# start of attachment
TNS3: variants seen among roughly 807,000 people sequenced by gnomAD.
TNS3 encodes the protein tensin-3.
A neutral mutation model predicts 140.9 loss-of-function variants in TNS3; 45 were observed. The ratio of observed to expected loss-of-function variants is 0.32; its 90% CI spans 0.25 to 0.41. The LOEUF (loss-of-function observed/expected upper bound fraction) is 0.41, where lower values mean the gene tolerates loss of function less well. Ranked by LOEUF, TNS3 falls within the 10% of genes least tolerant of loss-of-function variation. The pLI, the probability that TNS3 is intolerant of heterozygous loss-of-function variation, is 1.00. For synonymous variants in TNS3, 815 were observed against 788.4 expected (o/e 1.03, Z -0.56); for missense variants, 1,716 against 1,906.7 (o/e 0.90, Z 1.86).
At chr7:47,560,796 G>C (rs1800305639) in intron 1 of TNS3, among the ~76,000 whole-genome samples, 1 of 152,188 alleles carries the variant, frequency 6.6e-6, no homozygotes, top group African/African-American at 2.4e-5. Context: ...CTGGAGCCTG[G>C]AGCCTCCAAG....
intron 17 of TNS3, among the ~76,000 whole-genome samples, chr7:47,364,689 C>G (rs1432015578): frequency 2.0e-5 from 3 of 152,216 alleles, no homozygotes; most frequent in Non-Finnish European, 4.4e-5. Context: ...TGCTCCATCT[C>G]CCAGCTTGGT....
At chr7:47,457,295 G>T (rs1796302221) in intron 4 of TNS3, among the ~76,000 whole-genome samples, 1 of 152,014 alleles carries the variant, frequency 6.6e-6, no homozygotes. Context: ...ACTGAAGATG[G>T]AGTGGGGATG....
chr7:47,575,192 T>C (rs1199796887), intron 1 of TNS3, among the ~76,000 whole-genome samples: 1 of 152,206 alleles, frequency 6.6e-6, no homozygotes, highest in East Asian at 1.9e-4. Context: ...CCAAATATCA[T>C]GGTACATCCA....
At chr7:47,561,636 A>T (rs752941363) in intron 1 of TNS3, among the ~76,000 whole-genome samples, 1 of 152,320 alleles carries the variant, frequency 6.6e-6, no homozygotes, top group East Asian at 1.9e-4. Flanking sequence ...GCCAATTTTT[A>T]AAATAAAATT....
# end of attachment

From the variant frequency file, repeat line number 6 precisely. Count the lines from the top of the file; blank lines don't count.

At chr7:47,457,295 G>T (rs1796302221) in intron 4 of TNS3, among the ~76,000 whole-genome samples, 1 of 152,014 alleles carries the variant, frequency 6.6e-6, no homozygotes. Context: ...ACTGAAGATG[G>T]AGTGGGGATG....